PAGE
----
On a nondescript street in suburban Onehunga, Tāmaki Makaurau there once sat an old brick-and-tile house. Plonked in the middle of an 1100-square-metre section, it left a lot to be desired. The land, on the other hand, was just what architect Henri Sayes had been looking for.
Bowling the old building, the Sayes Studio founder subdivided the section into three sites and designed an architectural home for each. The front one to (possibly) sell, the middle for his family and the rear site for his mum, Maurine. “The back section was probably the best,” thinks Sayes. “It had some great old trees, was removed from the road, had a bit of elevation and just felt good.”
His mother didn’t ask for much. “Just a big dining table, a fire and a bath,” the architect remembers. She wanted the place to feel intimate but with enough space to host friends and family. Should any of the kids boomerang back, there also needed to be a couple of extra bedrooms. “I like to think of it as a one-bedroom apartment with two extra bedrooms,” explains Sayes, describing how he tucked these additional sleeping quarters down a separate hallway.
The house lies across two levels; a black gabled home atop a white plastered garage. Sayes turned to the surrounding suburban vernacular for inspiration in his design. “We wanted it to feel quite familiar and referential to the area,” he explains. “There’s a lot of old bungalows around here, so we kind of riffed off that form.” It’s a contemporary and crisp interpretation that settles comfortably on its modest 375-square-metre site.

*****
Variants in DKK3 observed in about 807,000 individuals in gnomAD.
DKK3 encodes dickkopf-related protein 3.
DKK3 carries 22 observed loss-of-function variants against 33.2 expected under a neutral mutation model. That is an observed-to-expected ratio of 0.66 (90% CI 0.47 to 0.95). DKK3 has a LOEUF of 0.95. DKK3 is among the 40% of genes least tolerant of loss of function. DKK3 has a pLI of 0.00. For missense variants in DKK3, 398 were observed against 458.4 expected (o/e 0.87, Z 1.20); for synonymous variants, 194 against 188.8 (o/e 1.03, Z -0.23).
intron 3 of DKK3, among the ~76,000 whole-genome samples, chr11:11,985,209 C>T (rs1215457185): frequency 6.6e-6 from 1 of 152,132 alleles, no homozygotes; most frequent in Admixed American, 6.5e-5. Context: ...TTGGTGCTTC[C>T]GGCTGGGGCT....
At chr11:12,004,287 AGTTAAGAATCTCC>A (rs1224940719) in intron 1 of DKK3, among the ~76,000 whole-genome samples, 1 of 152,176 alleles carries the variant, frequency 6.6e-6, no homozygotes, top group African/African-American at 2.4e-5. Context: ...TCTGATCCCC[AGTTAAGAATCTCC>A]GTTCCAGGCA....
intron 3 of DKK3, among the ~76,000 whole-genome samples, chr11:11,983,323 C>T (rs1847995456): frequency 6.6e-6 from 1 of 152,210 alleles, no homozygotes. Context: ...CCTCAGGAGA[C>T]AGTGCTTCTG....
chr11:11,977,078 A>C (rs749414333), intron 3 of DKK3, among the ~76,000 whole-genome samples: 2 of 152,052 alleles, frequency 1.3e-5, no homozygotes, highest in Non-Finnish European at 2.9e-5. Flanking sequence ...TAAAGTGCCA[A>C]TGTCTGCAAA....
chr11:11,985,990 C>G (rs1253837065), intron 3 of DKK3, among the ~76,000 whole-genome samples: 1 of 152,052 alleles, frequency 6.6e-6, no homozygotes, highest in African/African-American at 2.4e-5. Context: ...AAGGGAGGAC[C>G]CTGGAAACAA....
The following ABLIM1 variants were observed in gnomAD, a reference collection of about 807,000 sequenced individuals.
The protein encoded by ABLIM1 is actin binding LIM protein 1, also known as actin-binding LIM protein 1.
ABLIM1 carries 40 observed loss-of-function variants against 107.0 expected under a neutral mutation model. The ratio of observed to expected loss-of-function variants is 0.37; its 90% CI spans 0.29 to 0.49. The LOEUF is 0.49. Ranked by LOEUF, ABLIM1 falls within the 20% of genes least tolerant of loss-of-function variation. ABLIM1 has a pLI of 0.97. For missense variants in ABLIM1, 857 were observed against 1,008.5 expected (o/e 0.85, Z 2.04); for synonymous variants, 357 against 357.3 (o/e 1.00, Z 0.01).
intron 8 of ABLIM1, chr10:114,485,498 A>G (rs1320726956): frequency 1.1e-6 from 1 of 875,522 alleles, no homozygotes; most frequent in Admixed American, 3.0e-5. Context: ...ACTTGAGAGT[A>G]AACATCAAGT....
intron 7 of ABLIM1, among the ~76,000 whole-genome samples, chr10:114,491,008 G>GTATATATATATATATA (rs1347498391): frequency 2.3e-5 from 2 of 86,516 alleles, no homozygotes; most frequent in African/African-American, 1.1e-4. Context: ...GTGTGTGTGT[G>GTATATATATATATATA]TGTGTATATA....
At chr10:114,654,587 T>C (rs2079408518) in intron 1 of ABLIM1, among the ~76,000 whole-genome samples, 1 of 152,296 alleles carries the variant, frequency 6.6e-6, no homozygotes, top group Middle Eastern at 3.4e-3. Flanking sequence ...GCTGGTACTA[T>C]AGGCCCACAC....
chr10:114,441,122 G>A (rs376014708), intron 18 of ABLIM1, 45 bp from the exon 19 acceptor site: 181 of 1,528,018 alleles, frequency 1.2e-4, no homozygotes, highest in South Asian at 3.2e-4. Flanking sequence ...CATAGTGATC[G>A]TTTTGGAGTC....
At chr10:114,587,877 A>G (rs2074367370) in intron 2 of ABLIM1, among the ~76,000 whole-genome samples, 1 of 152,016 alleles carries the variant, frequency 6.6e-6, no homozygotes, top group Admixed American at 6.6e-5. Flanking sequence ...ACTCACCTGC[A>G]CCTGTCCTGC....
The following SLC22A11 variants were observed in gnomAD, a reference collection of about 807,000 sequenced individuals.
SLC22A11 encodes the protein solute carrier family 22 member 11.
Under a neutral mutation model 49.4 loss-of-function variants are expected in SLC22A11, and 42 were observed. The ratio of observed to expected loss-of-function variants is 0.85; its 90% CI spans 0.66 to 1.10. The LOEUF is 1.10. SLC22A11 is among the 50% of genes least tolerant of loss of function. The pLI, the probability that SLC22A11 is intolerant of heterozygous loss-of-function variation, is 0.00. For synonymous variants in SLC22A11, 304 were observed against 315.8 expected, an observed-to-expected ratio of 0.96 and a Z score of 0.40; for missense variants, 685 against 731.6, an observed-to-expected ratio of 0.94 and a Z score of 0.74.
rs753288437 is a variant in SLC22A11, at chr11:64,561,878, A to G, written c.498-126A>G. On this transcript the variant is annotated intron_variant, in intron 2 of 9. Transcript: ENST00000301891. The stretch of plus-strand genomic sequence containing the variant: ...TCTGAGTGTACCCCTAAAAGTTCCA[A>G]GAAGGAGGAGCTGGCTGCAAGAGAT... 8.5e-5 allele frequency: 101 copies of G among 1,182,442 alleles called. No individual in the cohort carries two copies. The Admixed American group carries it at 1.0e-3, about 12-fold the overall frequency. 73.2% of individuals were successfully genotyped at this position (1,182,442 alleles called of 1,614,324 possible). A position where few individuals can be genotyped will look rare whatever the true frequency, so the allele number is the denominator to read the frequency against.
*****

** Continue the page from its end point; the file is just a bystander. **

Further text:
From the front door, your first impression is a straight shot down the hallway to the back garden, a restrained hint of what’s to come. The house’s geometry is cleverly arranged, so when you walk down the lofty hallway into the living area, the whole picture unfolds. A garden surrounds you. Old pōhutukawa, cabbage trees and a grand pūriri encircle the property, while a stone path weaves past overflowing flower beds to the all-important outdoor table. “We designed the central area almost like a conservatory, so you feel like you’re in the garden rather than just looking at it,” says Sayes. Oversized Altherm glazing forms three sides of the room, capturing every aspect. Playing with volume to subtly demarcate the open-plan space, the ceiling slants down in the living area, then hitches way up to 3.6 metres alongside the dining table. A pop-out window seat delivers another change in scale and a peaceful reading nook that connects with the outdoors through Altherm sliding windows.
Enveloped by garden, there’s not much space or need for interior decoration, but Sayes’ light design touches infuse the place with a relaxed naturalness, a depth that contrasts with the crisp architectural form. Heavy sills and skirting boards reference old Arts and Crafts houses, French terracotta tiles adorn the fireplace and entrance steps, while pale oak timber adds to the light, easy atmosphere. “I like that it feels a bit old-fashioned,” says Sayes. “It feels very familiar, personable – it feels like enough.”
This story was produced in association with Altherm Window Systems. To see more of this project, click here.